At the Paris Photo held in parallel, Olga Grimm-Weissert took a look for the Handelsblatt: "The overall impression of this 25th edition with a good 180 exhibitors, including publishers, is satisfactory. Not any more. The director of Paris Photo, Florence Bourgeois, looks worried. If the fair is not a commercial success for the exhibitors and the organiser RX France, it could threaten their existence. This is exactly what happened to the 'Fiac' fair, also organised by RX France. It had financial problems in the Corona years, claim rumours in Paris. Since the French Ministry of Culture, to which the United Museums and the Grand Palais are subordinate, insists on reliable payment of their rents, the October date of the Fiac was unceremoniously given to the competitor 'Art Basel'."

In Luxembourg, Christiane Meixner visited a qualitatively stronger Luxembourg Art Week for the Tagesspiegel: "Launched in 2015 with financial support from the city, which wanted to establish an art market for its region, Luxembourg Art Week has grown into a serious platform. Barely 20 galleries took part in the beginning, and now far more interested parties apply than can be accommodated. Although the fair has moved from the Victor Hugo Hall to a large, centrally installed tent that still offers space. Before that, however, the Commitée wants to further raise the quality of the fair - which also means that some first-time participants will no longer be represented."

Maxime Vaudano and Jérémie Baruch reveal details about the art collection and financial dealings of Sotheby's owner Patrick Drahi at Le Monde: "A battalion of tax experts, a possibly backdated contract and several Caribbean shell companies: These were the components of the operation that allowed Patrick Drahi to avoid paying taxes on the transfer of his vast artwork collection, estimated to be worth at least €750 million. This aggressive tax optimization strategy flirts with the edge of legality, according to an investigation conducted by Le Monde and the Swiss magazine The emails, sales contracts, internal memos and spreadsheets that helped piece together this story were among the many confidential documents stolen by the cybercriminal group Hive after hacking Altice, Patrick Drahi's holding company. They were published online in August after the ransom demand was left unsatisfied. Le Monde decided to use this data despite its criminal origin because of its public interest." Alex Greenberger has some juicy details for Artnews: "Leaked documents also revealed information about Drahi's financial manoeuvres related to his collection last year. In October 2021, Drahi transferred ownership of his art collection between two companies in St Vincent and the Grenadines, known tax havens in the Caribbean. Those companies are named Angelheart Ltd and Forever Ltd. The move came after the European Union instated a new tax policy, ATAD2 (Anti Tax Avoidance Directive), targeting capital gain tax. Drahi has said he does not comment on his 'private life'to various outlets."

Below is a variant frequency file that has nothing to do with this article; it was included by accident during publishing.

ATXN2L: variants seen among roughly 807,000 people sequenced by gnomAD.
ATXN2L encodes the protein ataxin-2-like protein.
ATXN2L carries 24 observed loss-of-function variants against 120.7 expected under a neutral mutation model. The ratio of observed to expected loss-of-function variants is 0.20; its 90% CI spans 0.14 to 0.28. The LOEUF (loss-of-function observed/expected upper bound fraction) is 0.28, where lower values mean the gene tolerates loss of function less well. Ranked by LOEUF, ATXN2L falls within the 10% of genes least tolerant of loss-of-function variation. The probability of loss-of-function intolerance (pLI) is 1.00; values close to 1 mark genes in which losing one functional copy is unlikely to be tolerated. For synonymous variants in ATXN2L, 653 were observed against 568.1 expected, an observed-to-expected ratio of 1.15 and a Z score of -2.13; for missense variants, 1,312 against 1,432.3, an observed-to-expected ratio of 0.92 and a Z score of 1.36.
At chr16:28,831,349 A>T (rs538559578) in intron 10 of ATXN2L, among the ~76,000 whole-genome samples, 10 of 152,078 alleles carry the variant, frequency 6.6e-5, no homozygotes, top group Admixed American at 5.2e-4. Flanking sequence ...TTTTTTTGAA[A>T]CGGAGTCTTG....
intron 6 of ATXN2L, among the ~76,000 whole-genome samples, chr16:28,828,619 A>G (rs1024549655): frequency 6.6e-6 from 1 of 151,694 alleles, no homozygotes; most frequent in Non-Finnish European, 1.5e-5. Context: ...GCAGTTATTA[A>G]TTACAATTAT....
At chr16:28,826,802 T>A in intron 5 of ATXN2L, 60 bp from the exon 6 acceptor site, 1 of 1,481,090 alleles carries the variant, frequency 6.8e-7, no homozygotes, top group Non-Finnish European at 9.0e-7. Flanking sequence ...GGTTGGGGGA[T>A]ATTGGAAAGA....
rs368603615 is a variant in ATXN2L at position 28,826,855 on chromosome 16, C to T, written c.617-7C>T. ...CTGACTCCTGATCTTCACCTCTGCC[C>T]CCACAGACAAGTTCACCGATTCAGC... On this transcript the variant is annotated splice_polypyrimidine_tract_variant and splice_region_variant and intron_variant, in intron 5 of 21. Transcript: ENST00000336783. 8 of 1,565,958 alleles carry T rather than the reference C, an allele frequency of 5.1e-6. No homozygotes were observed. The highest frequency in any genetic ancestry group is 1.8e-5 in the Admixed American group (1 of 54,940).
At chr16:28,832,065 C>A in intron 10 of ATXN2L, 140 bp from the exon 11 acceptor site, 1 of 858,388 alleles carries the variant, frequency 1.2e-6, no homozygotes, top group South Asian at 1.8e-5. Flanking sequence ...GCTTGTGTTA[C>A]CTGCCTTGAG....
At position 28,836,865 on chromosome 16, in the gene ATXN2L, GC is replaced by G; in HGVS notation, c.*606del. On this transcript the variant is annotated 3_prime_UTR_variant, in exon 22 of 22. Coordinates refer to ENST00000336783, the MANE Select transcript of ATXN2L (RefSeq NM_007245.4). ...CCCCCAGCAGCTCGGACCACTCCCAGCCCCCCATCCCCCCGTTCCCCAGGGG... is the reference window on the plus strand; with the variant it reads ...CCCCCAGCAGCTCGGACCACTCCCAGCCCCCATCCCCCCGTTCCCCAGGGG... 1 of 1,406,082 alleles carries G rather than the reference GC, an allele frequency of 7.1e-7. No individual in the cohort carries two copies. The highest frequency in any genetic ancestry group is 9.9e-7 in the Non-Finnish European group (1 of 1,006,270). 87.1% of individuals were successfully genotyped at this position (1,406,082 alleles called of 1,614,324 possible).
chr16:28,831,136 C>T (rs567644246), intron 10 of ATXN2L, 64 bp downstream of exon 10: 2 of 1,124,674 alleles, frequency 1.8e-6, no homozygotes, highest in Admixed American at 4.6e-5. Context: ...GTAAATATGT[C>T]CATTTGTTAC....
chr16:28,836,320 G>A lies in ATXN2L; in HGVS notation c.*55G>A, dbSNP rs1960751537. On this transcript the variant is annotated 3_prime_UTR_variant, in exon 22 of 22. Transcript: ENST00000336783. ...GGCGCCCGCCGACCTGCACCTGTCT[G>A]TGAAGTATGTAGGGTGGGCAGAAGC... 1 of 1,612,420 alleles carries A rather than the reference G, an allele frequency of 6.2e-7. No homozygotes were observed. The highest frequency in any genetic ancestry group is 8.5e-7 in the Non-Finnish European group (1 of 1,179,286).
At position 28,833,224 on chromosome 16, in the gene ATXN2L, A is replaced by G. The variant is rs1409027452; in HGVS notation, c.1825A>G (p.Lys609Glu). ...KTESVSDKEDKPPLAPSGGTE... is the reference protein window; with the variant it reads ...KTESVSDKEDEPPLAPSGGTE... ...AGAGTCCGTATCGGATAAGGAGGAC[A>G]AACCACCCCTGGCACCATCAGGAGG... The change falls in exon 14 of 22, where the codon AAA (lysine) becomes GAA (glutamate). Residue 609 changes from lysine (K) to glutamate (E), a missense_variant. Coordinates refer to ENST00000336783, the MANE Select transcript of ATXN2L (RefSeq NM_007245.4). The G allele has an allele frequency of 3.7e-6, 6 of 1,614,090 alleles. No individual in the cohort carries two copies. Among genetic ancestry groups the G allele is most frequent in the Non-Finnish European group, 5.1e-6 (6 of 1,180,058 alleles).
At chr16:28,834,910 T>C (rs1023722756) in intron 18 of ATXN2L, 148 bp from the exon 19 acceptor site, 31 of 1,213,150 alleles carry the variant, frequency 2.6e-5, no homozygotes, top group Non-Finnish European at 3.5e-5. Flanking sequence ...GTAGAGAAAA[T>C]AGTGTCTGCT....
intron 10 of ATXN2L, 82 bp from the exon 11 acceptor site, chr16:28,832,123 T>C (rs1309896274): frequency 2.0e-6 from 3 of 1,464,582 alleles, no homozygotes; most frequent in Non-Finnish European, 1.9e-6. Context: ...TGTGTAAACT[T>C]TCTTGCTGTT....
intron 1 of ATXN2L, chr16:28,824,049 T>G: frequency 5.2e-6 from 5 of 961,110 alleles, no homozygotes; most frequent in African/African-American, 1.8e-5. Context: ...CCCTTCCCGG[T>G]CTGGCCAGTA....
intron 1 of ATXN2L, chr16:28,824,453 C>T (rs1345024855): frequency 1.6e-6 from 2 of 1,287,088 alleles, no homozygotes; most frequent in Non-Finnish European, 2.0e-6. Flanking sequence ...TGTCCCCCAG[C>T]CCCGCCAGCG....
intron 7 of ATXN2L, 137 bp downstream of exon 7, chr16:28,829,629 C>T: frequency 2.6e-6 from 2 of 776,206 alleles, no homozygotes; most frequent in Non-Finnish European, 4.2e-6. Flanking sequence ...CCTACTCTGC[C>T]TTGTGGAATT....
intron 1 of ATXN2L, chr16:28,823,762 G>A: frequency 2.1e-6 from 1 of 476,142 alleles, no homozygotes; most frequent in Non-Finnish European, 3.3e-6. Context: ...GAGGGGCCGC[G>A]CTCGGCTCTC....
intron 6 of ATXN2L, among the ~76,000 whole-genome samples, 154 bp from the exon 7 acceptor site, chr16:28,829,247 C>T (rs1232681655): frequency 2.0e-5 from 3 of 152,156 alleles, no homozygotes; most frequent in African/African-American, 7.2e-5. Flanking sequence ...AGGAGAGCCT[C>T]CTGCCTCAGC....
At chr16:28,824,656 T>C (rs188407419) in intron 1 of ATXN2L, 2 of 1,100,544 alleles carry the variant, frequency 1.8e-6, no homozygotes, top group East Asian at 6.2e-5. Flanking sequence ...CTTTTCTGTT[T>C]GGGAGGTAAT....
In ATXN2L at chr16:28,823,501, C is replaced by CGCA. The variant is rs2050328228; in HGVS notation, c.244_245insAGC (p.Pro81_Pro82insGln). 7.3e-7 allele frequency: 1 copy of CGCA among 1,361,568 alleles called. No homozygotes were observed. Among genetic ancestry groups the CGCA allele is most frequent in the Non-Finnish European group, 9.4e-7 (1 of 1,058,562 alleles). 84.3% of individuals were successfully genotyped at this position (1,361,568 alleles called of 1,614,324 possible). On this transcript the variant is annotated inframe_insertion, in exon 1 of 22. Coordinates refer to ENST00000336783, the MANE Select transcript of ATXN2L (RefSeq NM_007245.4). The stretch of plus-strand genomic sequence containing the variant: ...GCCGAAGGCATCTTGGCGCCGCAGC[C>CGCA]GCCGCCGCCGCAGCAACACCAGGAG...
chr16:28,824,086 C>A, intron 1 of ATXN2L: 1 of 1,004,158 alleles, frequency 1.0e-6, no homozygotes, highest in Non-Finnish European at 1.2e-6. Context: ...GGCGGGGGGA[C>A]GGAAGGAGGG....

The German Foreign Office has made allowances for German culture abroad, reports dpa: "The Goethe-Institut, Germany's international cultural flagship, can now expect 235 million euros after the originally planned 219.9 million euros. In the current budget it was 233 million euros, 17 million euros less than last year. 'In terms of grants, with the stipulation of a strategic reorientation, the area of foreign cultural and educational policy is well secured financially,' it said."

Susanne Schreiber presents a database on looted art from Benin in the Handelsblatt: "There are around 900 of these breathtakingly beautiful looted works of art, around which many debates about return to Nigeria, loan or some other kind of partnership are entwined. This week, the platform 'Digital Benin' was launched in Berlin. With 5246 works from the Kingdom of Benin in 12,000 images, it brings together almost all works of art that were created before the British raid in 1897 and were purchased for museums until 1930. For the first time, 131 museums from 20 countries have collaborated to achieve this."

In a statement sent via Instagram story on Friday, Berlin's König Galerie announced that it was ending its collaboration with Monica Bonvicini. Monopol quotes from it: "'We consider this to be the right step in view of the persistent rumours and the reactions in the social media, the nature of which is that we cannot refute them and can only counter them in a limited way. What is true, however, is that there is currently not a single investigative or judicial proceeding, civil or criminal, against Johann König.'' Only on Tuesday, Soup du Jour, an anonymous feminist [sic!] collective from Berlin, published an open letter to Monica Bonvicini on social media, asking for clarification of the artist's relationship with König Galerie."